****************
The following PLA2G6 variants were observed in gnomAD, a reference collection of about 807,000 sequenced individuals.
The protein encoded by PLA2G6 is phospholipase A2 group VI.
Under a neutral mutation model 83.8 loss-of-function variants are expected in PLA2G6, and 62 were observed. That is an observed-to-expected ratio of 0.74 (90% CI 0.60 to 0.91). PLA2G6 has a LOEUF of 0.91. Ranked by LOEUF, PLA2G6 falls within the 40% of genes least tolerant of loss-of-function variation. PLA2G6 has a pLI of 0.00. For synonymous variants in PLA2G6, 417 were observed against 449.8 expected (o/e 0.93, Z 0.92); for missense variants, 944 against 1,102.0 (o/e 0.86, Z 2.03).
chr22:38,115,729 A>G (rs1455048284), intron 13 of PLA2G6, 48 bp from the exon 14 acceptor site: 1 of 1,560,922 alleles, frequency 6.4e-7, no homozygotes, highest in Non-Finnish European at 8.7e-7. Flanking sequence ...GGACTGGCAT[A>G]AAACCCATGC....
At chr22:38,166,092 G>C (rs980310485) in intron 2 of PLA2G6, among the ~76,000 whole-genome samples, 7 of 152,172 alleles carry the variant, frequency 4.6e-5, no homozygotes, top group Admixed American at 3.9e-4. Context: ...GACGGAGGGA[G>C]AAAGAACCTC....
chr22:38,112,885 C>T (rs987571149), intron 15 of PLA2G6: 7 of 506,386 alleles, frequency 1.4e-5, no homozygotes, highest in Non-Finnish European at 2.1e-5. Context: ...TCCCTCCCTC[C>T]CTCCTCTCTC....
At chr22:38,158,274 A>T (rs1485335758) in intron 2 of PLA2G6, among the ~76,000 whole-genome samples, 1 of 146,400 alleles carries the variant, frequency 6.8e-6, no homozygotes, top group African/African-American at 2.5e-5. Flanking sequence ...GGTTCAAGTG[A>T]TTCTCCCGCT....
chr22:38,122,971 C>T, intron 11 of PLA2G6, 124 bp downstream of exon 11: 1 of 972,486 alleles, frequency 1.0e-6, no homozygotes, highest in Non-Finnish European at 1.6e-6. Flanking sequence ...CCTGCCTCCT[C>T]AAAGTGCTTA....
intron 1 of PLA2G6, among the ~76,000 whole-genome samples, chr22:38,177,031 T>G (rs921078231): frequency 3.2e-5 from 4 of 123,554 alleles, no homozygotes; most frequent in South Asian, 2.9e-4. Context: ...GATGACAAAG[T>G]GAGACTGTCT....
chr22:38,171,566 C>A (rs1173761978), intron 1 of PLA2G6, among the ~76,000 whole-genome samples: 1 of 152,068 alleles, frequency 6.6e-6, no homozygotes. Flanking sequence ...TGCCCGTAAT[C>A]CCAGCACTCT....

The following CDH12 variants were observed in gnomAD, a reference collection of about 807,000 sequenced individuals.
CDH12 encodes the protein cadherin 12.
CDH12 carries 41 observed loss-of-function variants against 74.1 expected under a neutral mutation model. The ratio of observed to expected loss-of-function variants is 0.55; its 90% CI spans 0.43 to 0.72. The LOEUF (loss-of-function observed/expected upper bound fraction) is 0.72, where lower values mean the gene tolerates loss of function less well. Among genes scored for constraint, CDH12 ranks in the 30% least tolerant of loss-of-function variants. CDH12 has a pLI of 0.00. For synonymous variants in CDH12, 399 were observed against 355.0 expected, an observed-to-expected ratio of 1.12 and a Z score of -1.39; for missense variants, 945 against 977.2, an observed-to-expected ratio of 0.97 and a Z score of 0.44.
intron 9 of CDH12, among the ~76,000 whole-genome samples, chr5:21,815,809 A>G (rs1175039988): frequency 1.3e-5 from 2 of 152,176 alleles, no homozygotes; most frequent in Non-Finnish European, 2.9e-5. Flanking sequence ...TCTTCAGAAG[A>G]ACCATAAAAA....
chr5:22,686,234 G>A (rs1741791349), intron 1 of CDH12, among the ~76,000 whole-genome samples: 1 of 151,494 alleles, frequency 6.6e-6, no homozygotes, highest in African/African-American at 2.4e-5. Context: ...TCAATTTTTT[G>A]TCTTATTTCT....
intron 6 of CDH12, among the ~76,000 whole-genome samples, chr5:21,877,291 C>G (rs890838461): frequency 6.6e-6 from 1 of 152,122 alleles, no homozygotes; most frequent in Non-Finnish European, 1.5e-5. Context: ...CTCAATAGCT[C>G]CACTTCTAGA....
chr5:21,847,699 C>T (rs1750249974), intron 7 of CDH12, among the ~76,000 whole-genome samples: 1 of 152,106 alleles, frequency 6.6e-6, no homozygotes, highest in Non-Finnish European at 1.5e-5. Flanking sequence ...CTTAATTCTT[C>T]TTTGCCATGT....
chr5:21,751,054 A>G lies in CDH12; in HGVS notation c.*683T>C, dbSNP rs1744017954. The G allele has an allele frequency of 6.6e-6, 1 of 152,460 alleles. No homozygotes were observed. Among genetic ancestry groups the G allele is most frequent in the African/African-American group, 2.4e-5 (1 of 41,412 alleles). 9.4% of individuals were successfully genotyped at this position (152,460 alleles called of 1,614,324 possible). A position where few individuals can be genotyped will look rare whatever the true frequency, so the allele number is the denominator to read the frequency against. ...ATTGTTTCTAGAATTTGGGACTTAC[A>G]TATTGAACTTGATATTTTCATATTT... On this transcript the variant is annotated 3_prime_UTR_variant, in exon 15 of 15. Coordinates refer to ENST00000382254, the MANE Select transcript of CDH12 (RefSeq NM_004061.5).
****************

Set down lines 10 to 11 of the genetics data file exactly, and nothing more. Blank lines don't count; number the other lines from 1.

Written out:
chr22:38,171,566 C>A (rs1173761978), intron 1 of PLA2G6, among the ~76,000 whole-genome samples: 1 of 152,068 alleles, frequency 6.6e-6, no homozygotes. Flanking sequence ...TGCCCGTAAT[C>A]CCAGCACTCT....

The following CDH12 variants were observed in gnomAD, a reference collection of about 807,000 sequenced individuals.